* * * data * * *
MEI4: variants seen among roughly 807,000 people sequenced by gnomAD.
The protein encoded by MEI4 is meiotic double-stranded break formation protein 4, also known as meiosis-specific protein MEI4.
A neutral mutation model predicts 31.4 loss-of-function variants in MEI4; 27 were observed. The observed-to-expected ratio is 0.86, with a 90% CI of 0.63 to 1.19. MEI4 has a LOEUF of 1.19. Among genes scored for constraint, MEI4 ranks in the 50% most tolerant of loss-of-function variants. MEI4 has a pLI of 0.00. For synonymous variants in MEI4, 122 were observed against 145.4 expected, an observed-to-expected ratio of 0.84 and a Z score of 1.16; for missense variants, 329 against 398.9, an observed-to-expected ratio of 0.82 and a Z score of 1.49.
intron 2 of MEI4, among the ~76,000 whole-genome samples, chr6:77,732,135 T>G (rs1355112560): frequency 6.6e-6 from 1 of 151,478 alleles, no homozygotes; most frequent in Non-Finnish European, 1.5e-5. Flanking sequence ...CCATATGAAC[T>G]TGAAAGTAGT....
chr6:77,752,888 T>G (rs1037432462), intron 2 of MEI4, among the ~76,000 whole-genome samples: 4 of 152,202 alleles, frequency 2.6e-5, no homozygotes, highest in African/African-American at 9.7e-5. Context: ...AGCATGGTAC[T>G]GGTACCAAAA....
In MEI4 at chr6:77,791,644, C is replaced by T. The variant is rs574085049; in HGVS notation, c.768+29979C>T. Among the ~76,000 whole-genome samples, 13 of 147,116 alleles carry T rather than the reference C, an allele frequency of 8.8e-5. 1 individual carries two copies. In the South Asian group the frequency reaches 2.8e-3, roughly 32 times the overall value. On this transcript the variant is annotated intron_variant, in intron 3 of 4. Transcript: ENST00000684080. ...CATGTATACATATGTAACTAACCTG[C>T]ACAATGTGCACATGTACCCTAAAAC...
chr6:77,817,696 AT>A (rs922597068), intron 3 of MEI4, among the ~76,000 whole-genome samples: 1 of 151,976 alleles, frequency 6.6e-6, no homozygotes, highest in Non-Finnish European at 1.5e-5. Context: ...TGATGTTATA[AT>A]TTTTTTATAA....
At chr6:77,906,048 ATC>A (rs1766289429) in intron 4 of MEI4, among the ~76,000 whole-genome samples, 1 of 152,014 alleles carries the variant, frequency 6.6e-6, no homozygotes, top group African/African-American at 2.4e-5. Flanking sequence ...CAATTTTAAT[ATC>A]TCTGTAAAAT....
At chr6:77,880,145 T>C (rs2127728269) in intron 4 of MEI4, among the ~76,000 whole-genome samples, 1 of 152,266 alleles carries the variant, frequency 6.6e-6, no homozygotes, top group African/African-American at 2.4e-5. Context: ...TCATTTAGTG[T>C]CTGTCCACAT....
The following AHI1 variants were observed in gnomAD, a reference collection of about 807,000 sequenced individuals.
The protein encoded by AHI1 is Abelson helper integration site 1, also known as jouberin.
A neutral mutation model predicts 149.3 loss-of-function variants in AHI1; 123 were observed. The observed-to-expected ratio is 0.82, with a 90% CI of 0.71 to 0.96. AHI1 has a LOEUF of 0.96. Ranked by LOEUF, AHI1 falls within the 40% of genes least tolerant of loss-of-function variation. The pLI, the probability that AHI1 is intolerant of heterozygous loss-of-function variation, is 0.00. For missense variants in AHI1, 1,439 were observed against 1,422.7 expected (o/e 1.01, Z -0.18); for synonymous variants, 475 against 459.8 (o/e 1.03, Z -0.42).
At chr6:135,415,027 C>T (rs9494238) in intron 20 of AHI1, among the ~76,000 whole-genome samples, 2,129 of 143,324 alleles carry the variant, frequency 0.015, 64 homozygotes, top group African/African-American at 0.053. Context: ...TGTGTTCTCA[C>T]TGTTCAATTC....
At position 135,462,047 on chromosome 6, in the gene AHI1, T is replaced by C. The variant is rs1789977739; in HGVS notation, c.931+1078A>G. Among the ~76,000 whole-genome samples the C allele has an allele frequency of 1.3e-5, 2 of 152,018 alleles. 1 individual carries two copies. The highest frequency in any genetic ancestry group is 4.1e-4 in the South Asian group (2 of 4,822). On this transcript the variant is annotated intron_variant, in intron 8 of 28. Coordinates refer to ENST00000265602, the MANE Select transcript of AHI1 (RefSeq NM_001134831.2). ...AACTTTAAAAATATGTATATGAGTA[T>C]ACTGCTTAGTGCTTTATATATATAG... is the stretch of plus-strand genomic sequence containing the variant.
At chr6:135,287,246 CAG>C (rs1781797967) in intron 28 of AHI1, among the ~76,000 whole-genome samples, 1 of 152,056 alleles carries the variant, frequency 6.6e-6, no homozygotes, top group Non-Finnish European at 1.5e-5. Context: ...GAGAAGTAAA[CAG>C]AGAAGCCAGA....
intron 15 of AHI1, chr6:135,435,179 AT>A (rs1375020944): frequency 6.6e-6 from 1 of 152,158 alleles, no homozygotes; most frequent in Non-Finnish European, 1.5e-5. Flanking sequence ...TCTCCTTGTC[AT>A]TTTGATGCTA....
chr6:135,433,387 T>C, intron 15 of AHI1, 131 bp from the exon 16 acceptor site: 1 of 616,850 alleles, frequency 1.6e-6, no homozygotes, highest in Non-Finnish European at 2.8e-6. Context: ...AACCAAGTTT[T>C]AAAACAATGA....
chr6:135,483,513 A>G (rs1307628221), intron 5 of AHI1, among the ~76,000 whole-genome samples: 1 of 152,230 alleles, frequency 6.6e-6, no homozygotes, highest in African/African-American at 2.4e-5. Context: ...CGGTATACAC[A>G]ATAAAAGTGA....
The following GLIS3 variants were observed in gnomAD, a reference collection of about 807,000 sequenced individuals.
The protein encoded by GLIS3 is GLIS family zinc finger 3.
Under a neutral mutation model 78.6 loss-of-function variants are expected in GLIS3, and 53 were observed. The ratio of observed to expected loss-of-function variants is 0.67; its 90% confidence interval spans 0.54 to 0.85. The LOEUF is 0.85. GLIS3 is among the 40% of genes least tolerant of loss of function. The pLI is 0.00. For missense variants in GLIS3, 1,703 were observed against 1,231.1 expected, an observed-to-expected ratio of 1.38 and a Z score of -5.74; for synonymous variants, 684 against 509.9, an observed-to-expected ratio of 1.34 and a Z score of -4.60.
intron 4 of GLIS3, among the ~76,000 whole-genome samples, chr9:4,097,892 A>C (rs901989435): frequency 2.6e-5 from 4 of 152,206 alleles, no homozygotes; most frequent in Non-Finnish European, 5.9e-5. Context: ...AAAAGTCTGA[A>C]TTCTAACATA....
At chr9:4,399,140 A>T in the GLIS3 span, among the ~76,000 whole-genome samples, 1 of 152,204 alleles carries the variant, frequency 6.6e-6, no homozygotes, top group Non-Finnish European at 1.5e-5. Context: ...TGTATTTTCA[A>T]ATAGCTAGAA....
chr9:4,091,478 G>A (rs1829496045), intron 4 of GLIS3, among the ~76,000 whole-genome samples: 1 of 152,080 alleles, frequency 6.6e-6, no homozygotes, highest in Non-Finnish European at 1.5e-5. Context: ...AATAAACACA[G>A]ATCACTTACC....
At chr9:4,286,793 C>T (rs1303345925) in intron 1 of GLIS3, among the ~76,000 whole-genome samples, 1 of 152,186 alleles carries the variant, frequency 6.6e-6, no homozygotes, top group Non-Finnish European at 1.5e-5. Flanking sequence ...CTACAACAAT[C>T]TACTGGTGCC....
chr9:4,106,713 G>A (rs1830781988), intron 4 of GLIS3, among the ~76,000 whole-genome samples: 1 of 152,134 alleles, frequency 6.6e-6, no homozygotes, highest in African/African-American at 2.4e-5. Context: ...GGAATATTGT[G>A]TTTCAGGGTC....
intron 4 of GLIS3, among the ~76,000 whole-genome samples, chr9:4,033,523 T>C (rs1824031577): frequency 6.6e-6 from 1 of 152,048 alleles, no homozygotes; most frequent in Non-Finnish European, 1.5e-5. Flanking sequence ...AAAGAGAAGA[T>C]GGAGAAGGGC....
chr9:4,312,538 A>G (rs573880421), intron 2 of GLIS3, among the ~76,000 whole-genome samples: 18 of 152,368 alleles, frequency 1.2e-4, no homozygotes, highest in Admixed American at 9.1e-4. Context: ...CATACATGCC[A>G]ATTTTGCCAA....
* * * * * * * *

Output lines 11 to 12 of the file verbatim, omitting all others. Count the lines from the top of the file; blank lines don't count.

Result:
The protein encoded by AHI1 is Abelson helper integration site 1, also known as jouberin.
A neutral mutation model predicts 149.3 loss-of-function variants in AHI1; 123 were observed. The observed-to-expected ratio is 0.82, with a 90% CI of 0.71 to 0.96. AHI1 has a LOEUF of 0.96. Ranked by LOEUF, AHI1 falls within the 40% of genes least tolerant of loss-of-function variation. The pLI, the probability that AHI1 is intolerant of heterozygous loss-of-function variation, is 0.00. For missense variants in AHI1, 1,439 were observed against 1,422.7 expected (o/e 1.01, Z -0.18); for synonymous variants, 475 against 459.8 (o/e 1.03, Z -0.42).